- David Shearer, Special Representative for South Sudan and Head of the United Nations Mission in South Sudan address to the Security Council
Mr. President, excellencies and distinguished delegates,
I thank you for the invitation to address the Council and touch on some critical issues in South Sudan. I will provide a brief update on the situation in the country, as well as United Nations efforts to protect civilians and build durable peace as per our mandate.
As we approach the end of the rainy season, South Sudan remains beset by social, economic and humanitarian challenges. The Government appears emboldened by its recent military gains, including in some key strongholds of the SPLA in Opposition loyal to Riek Machar. Deep mistrust of the Government by the population in these areas persists, exacerbated by human rights abuses that fuel their flight into neighbouring countries. Across the country, the opposition remains deeply fractured and has suffered significant military setbacks in recent months.
At the same time, the economic crisis is further fuelling public frustration and undermines the Government’s capacity to deliver governance and services to its people. In many cases, civil servants have not been paid for over four months and salaries to security forces are in addition also delayed.
Localized conflicts continue to flare, their impact greatly magnified by automatic weapons, and affecting areas outside of the central conflict. Now, there is growing discussion around moving swiftly to elections. I continue to stress to my Government counterparts that elections must be inclusive, credible and fair, but should also represent the consolidation of a genuine peace process.
With others here today, I remain deeply concerned by the humanitarian situation. UN agencies assess the total number of people in need of aid in South Sudan has risen to 7.6 million. The burden that humanitarians and donors shoulder to support these people with food, health care and education is enormous. The recent humanitarian response plan is budgeted at USD 1.64 billion. So far 66 per cent of that funding has been received. I must underscore that without this humanitarian support, thousands of people would simply not survive.
The number of people displaced in South Sudan rose to nearly four million during the first half of this year. Of these, two million have fled to neighbouring countries – Uganda, Sudan, Ethiopia, Kenya and the Democratic Republic of Congo. I would like to express my appreciation to those countries for shouldering that burden. This is a clear reminder that the region, too, has a stake in South Sudan’s future.
I continue to applaud the efforts being made on the ground by our humanitarian partners, who continue to reach millions and the most vulnerable people in the country. However, in critical areas, often at critical times, communities could not be reached, because access has been denied. These include areas of the Greater Upper Nile region, parts of the Equatorias, and areas south and west of Wau, where active government military operations against the SPLA in Opposition continue. Humanitarian partners were only in the past month able to reach the vulnerable populations in Baggari, outside of Wau, after being denied for almost one year. Sustained, regular access is what is needed.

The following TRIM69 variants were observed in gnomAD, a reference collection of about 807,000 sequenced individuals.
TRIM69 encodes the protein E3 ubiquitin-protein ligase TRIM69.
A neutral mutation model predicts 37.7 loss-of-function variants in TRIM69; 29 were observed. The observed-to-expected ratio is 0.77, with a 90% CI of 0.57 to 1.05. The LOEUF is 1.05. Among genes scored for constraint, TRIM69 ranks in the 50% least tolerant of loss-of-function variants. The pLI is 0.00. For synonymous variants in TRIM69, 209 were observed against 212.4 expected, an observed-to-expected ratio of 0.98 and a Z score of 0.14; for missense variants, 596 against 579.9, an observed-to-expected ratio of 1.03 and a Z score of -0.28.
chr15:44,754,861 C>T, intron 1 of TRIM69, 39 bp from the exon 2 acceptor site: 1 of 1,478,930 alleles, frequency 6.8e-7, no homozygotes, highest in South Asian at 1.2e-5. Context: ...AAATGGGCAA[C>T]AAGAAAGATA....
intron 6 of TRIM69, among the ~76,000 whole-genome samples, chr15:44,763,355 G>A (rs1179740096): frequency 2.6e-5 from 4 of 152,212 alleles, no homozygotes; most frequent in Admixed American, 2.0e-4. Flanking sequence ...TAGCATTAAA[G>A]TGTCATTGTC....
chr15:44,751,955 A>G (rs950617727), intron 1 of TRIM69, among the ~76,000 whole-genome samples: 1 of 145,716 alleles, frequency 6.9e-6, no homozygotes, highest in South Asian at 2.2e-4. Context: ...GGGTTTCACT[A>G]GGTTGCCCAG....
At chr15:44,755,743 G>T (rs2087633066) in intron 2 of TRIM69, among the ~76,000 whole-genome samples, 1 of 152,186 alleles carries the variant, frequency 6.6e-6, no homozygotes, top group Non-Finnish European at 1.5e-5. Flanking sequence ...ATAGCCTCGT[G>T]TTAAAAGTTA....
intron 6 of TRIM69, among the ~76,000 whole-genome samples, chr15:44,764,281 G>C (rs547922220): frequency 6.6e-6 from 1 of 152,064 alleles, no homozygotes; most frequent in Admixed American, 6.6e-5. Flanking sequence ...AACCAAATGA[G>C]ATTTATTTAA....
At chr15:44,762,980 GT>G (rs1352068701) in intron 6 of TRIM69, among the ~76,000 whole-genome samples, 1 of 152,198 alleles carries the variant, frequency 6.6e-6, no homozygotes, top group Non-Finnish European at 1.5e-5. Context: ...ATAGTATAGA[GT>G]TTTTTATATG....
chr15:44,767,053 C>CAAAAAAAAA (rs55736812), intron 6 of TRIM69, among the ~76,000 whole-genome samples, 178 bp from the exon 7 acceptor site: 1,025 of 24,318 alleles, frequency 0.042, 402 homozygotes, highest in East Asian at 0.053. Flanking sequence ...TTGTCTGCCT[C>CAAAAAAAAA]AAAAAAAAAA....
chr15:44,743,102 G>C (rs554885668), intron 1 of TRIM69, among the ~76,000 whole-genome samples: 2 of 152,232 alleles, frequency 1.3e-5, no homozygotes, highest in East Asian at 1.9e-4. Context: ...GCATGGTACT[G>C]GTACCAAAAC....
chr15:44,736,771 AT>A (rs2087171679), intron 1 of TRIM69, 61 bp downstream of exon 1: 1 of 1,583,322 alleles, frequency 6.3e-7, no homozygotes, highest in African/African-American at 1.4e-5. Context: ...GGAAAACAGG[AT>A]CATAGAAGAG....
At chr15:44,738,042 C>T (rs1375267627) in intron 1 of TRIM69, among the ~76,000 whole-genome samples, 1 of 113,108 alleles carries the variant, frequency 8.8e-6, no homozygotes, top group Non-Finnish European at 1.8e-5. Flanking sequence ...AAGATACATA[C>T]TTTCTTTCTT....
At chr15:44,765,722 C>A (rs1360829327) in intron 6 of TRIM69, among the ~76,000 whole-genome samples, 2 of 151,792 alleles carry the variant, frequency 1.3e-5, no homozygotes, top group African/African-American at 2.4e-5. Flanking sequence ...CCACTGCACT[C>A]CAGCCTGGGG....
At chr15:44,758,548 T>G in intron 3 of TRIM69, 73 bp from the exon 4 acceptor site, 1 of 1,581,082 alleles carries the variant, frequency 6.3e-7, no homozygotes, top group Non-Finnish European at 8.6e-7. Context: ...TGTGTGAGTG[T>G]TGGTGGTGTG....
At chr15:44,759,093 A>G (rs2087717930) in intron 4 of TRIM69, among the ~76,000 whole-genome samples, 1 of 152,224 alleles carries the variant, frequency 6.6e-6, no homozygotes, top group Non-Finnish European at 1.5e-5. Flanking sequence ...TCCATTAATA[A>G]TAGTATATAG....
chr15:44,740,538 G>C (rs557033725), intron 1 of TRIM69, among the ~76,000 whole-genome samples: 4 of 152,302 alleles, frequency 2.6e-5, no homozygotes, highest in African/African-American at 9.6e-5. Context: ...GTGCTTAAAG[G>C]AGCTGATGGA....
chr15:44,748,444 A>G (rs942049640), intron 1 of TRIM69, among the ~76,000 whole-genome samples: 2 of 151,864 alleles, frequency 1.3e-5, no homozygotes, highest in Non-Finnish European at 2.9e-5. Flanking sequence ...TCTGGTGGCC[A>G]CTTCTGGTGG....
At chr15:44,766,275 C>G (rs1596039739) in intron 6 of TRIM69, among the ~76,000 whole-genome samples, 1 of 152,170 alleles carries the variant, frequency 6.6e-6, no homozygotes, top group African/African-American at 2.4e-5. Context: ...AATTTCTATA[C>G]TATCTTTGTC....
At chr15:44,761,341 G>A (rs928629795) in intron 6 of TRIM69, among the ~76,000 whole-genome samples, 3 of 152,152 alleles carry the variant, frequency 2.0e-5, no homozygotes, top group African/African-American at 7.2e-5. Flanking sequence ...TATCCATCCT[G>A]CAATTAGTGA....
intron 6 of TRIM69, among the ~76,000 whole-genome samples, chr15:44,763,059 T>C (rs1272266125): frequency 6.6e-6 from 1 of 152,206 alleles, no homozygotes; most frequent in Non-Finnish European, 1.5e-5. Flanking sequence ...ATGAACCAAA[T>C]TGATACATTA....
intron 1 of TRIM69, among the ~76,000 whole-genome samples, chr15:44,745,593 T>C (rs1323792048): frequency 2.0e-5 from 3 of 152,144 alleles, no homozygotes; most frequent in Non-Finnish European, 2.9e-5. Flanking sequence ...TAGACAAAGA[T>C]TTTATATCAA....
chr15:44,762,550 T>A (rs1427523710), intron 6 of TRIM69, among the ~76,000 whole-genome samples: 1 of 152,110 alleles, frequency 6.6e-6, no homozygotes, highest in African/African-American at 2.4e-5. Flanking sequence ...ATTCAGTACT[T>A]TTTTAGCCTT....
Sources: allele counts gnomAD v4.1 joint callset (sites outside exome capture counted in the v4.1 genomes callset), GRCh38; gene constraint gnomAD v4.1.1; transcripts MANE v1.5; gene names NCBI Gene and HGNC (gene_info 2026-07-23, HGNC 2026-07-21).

The splintering of opposition forces also has a negative consequence for humanitarian efforts. For example, the World Food Programme’s regular convoys to Yambio – two days travel from Juba – now requires 13 separate permissions from armed groups along its route. Increasingly, combatants are shifting into criminality along major roadways, with civilian and aid convoys being a target. Just two weeks ago, a driver for the International Committee of the Red Cross was killed when his relief convoy was attacked in Western Equatoria. His death brings to 18 the number of aid workers who have been killed in South Sudan just this year.
Government officials need to take a more positive attitude towards humanitarian partners, whom it blames for creating a negative international perception of the country. Removing numerous bureaucratic impediments including additional taxes and fees on humanitarian organizations would set a better tone and acknowledge the valuable work they carry out on behalf of South Sudan.
As UNMISS, we are working hard to support our humanitarian colleagues. Our modus operandi is to be robust, nimble and proactive. We have provided surge support to help protect key humanitarian facilities such as in Bunj, in the north of the country. But sadly, our missions have also included evacuating humanitarian personnel due to active fighting. I anticipate that, while we respect each other’s mandates, this collaboration will intensify if security trends continue.
Members of the Council,
We are far from the conditions for safe return in most areas, but we are continuously looking to seize opportunities to support communities in returning to their homes where this is possible. UNMISS will soon open a permanent presence in Yei and reinforce our presence in Torit and Yambio to project a presence to deter violence and human rights abuses, building confidence for